If you handle it this way, then the fighter can choose to allow the bolt to go off before their attack. And, as a bonus, if the cleric attempts to ready their action for when an enemy is about to attack, that enemy will probably decide that their attack resolves first, as the original readied action rules would have dictated. In RP terms, a cleric and a fighter who have been travelling and fighting together for some time would likely understand each others' intents in combat better than they'd understand that random enemy they stumbled upon; in short: coordinating with teammates is easy, but enemies are unpredictable. This ruling changes very little about how readied actions work, yet allows a lot of Rules as Fun combat interactions that might not otherwise work.

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    \$\begingroup\$ +1 for communication, something often missing from combat (and misunderstood by many DM's I have seen), or somehow taken as automatic. \$\endgroup\$
    – SeriousBri
    Feb 25, 2021 at 13:21

The trigger for a Readied action can be any perceptible event

[...] First, you decide what perceivable circumstance will trigger your reaction. Then, you choose the action you will take in response to that trigger [...]

Because of this, a trigger of "When an enemy comes within 5 feet of a team member" (or the opposite) is a perfectly valid trigger. As is "When a creature moves" which would cover this case and many others simultaneously.

We also know that reactions happen after their trigger but that doesn't change anything here because the attack happens after the movement anyway. There is "time" between the movement and the attack for the Readied action to occur.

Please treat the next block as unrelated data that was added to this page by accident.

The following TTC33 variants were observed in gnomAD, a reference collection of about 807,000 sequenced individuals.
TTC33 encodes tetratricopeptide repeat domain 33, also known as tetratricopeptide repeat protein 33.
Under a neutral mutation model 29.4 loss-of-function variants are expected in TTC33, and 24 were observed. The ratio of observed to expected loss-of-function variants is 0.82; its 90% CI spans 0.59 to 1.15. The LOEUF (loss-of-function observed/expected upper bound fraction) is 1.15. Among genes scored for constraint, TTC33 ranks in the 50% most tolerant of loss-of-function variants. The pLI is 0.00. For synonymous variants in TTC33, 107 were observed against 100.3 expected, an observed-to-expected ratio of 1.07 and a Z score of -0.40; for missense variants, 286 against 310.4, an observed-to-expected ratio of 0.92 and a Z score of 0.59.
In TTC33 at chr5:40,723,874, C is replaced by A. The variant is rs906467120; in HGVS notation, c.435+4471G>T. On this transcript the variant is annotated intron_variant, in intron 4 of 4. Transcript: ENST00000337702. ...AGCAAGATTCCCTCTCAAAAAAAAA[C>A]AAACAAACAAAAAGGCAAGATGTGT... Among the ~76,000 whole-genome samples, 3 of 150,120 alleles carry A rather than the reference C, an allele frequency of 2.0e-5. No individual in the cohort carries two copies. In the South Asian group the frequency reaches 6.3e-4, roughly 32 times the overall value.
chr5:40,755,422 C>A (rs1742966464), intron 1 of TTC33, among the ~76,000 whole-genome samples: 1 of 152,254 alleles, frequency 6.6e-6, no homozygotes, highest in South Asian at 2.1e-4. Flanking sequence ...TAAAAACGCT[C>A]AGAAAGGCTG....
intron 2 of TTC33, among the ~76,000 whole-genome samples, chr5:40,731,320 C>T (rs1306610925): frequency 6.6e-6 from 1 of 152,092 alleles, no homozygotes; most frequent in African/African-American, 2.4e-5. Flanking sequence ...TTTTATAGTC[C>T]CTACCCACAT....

[...] When the trigger occurs, you can either take your reaction right after the trigger finishes or ignore the trigger. [...]

The specific trigger of the start of an attack might work

This scenario is far less clear and I've written about it before. 5e does not have a "start to attack" phase or anything of the sort so what exactly happens with this trigger is not entirely clear. I would wager that most attacks are going to be perceptible but I likely wouldn't allow a Readied action to occur after the attack has started but before it has finished. This is simply a personal choice of mine and we have numerous related questions on Readied actions occurring in the middle of some other single event:


You should be letting the ability resolve in the order that the players want them to resolve.

Even if this wasn't possible under the Rules as Writen, it definitely falls under to Rules as Fun/Rule of Cool. If two players are trying to work together to take down a challenge, that should 100% be encouraged,and you should certainly feel free to bend the rules slightly.

It's entirely reasonable to allow this to happen, as long as the players are able to communicate effectively to each other in the combat, i.e, speak the same language, and can see/hear each other. Yelling "wait until my spell lands to strike" takes little enough time to say that it can reasonably fit into one turn, and the fighter can certainly delay their attack until the spell lands on the troll.

  • \$\begingroup\$ I would be wary of this approach as it invests a little too much power in the DM allowing it when they want but not when they don't. Unless the players really trust the DM, it can lead to hard feelings when the DM decides not to permit it in another circumstance. However, if you want the benefits of the party strategically planning their turn without the risks of DM capriciousness, I would recommend implementing the "Side Initiative" optional rule (DMG 270). This would allow players (and opponents) to take their initiative in the order they want, but make it "fair" rather than "fiat". \$\endgroup\$
    – Kirt
    Feb 26, 2021 at 17:26

As per the rule on Ready Action, The action is ALWAYS released AFTER what triggers ite. So the player cannot use that ready action that way the rules do not allow it. He needs to come up with a better one.